And they say romance writers are sentimental. They have nothing on Julian Fellowes, the creator of Downton Abbey.
That was my overall reaction to bing watching on Downton Abbey, season 6, via my review copy over the weekend. You can do the same, as the DVD releases today, even though PBS just aired part four on Sunday night.
I’ve stuck with the show through thick and thin, though I nearly quit after Anna’s rape that somehow became all about her husband instead of her. Yet, I couldn’t completely let the show go. Why? Because as any good watcher of a soap opera does, I grew attached to the characters. Oh, not all of them. Mary could die horribly, drawn and quartered, and I wouldn’t care. (I’m also lukewarm about Daisy, Denker and Spratt.)
Oh, but there’s Edith, the Jan Brady of the Crawley clan, who has tried mightily to find happiness and keeps falling short. My one requirement for this season was “Edith gets a happy ending.”
There’s also Carson and Mrs. Hughes, who are lovely, Anna, Baxter, Mrs. Patmore, Molesley, the Countess, and, of course, the Dowager Duchess/Grandmama, who gets all the best lines.
MAJOR SPOILERS AFTER THE CUT
Let’s just say that by the last shot of the Abbey at the end of the last episode, it felt like Julian Fellowes was channelling his inner Oprah:
“You get a happy ending! And you get a happy ending! And you get a happy ending!”
Way back when, when I first started watching Downton, what I enjoyed most was watching hidebound people being dragged into a suddenly modern world. The episodes involving the typewriter and the telephone were not only funny but a glimpse into how technology shaped the last 100 years.
Of course, while the show on the surface is about the decline of the aristocracy and the rise of the people in England and has ambitions about being a serious show, it’s not that at all. It’s a melodrama aka a soap opera as we say here in the states.
That was never more evident in the whole plot about Matthew’s paralysis that was somehow magically cured, or in the way his fiancee died so textbook tragically, or how his prospective father-in-law left him a ton of money that somehow magically cured the Crawleys’ money ills. Or the Bates’ being arrested, the husband one season, the wife the next.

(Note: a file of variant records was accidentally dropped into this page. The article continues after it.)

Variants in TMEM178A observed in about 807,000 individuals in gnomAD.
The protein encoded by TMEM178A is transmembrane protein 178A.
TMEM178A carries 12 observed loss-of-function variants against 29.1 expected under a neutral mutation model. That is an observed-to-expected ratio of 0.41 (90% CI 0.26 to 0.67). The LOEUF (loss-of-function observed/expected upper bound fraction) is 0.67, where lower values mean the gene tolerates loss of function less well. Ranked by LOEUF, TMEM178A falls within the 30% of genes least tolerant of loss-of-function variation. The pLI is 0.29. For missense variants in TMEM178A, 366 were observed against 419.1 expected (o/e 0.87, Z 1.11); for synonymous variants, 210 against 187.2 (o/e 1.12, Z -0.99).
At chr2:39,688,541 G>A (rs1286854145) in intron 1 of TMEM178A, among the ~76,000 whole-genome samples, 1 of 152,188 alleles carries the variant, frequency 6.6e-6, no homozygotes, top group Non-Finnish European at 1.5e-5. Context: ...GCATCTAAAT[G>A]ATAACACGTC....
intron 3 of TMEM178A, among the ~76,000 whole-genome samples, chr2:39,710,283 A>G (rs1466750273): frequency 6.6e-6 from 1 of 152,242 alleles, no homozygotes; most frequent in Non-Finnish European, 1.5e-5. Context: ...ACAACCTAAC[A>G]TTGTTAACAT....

And yet, it was sometimes about something more. The Daughters Crawley wanted to be more than they were supposed to be, starting with the doomed Sybil’s interest in social work, to Edith’s journalism career, to Mary’s insistence on having a say in running the estate the last couple of seasons.
Taking its cue from that focus, season 6 is clearly about the women. Mary, Edith, Mrs. Hughes, Anna Bates, the Countess, the Dowager Countess, Isobel Crawley, even Daisy and Mrs. Patmore, all had turns for a focus. Season 6 is all about taking our cast and letting them figuratively ride off into the sunset.
Yes, Edith gets her happy ending. More, she has a Cinderella ending, unexpectedly landing a prince of her own in one of Fellowes patented soap opera twists. (Marquess not prince but we won’t quibble.) What about the secretly emotional Mary? She gets what she darn well deserves in more ways than one, landing a man who everyone believes is too good for her, even if he has no money. Anna receives what she long for most in her marriage. Fellowes even sprinkles fairy dust on Isobel’s romantic life!
Yes, season 6 is sappy and plot twists come out of nowhere but it’s enjoyable as heck, never more so than when Edith finally tells Mary off, or when Gwen the former maid comes back married to a successful man and with a career of her own, or when Neville Chamberlin shows up as a pawn in a tug of war between the Countess and Dowager Countess over who should run the village hospital. (Chamberlin has some of the season’s the best lines about not wanting to get involved in the middle of a dispute.)
I could take or leave Mary and Henry Talbot but Michelle Dockery killed it in the next to last episode with her grief and fear about falling in love again. Props to you, my lady. It’s not easy to make people care about Mary but you managed.
Should the Crawley clan have paid more of a price for being the symbols of an age that divided people strictly by class and prevented those on the bottom rung from being anything but servants or working poor? Probably. In the real world, the Crawleys and their grand estates have mostly faded away.
But in the television world, where we love our glorious sets, and costumes (Mary and Miss Fisher seem to have the same fashion designer) and our melodrama, we can’t help wanting them to end well. Even Molesley and even the sarcastic and sometimes unfeeling Thomas Barrow.
Thank you, Julian Fellowes, it’s been a lovely world to visit.